ABSTRACT: Mechanical moduli of cultured airway smooth muscle cells (Fabry, B., et al. Phys. Rev. Lett. 87:148102, 2001) reveal that the frequency dependence of cell rheological behavior conforms to a weak power-law relationship over a wide range of frequency (10(-2)-10(3) Hz). Such a behavior cannot be accounted for by standard viscoelastic models characterized by a discrete number of time constants that have been commonly used in previous studies of cell viscoelasticity. Fractional calculus, by contrast, provides a natural framework for describing weak power-law relationships and requires no assumptions about the type of material, the time constant distribution or the time/frequency interval in which rheological observations are made. In this study, we developed a rheological model of the cell using methods of fractional calculus. We used a least-squares technique to fit the model to data previously obtained from measurements on airway smooth muscle cells. The fit provided an excellent correspondence to the data, and the estimated values of model parameters were physically plausible. The model leads to a novel and unexpected empirical link between dynamic viscoelastic behavior of the cytoskeleton and the static contractile stress that it bears.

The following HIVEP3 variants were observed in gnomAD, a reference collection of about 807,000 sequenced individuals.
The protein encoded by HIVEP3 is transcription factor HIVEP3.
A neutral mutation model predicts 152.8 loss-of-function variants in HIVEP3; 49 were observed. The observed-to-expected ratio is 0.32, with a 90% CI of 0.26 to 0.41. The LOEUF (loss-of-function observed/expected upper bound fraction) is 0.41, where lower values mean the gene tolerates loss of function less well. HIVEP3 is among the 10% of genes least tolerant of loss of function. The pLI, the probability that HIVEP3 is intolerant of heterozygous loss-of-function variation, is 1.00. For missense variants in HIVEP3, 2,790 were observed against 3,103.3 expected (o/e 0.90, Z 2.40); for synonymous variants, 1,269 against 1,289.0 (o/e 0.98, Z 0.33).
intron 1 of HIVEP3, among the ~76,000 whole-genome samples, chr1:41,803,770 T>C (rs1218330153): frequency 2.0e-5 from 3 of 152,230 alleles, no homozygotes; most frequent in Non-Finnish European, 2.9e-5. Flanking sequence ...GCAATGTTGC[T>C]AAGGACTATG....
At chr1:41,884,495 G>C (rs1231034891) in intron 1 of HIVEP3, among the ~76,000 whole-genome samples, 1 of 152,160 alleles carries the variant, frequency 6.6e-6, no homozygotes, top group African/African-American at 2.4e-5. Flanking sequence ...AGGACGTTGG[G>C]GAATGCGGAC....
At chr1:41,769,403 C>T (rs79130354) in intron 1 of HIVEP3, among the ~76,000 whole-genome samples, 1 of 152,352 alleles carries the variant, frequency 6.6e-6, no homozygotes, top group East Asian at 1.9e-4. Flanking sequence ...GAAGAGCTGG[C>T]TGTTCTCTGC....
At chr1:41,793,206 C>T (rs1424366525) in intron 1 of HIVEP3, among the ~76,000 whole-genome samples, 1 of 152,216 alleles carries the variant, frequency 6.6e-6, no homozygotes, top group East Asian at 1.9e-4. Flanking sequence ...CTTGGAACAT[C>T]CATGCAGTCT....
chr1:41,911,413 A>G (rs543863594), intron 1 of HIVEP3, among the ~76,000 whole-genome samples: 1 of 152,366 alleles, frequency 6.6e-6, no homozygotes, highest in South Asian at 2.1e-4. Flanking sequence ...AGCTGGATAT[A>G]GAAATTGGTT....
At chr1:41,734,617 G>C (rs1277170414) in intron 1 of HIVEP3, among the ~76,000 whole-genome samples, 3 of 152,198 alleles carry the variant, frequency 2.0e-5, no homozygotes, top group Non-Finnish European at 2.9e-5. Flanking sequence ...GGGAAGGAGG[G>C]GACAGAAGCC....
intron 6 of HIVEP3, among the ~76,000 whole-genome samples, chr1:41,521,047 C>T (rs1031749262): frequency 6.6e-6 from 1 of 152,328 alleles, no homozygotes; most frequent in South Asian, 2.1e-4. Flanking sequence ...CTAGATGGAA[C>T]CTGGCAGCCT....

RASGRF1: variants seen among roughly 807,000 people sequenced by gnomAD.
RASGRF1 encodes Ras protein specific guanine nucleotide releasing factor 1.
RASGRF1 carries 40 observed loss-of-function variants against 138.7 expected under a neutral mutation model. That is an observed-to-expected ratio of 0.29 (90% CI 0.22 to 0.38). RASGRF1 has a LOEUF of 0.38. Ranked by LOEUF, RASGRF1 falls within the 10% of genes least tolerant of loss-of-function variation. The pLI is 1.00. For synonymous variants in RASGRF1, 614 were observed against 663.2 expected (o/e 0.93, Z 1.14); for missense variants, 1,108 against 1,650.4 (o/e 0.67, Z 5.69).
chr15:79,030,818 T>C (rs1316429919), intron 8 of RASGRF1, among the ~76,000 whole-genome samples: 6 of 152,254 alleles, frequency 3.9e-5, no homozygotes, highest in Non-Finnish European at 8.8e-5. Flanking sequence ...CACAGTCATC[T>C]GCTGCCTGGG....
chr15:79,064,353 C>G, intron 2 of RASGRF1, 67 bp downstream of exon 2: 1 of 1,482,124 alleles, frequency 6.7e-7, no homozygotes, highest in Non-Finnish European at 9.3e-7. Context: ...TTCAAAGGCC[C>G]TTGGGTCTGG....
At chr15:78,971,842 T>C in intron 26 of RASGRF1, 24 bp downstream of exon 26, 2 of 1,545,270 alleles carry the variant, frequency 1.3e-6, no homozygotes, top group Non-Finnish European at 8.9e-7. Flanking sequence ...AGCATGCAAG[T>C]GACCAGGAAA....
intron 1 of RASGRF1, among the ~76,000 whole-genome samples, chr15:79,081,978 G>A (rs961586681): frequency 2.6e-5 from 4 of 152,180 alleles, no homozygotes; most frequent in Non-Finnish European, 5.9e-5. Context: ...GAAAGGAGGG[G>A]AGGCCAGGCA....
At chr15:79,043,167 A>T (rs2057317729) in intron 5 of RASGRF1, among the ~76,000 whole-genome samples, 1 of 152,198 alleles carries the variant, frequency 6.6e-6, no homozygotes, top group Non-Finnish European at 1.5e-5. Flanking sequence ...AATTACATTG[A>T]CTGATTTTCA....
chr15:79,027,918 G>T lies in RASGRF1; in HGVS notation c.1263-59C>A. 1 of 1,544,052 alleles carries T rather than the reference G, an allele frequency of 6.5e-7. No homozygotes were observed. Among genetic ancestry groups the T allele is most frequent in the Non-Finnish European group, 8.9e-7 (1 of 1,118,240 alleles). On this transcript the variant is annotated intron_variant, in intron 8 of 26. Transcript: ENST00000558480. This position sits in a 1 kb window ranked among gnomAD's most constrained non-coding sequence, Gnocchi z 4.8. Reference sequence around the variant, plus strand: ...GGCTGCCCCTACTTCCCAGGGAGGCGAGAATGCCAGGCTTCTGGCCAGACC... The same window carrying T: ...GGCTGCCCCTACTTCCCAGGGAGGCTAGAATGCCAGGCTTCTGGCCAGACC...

Annals of Biomedical Engineering 07/2003; 31(6):692-9. · 2.37 Impact Factor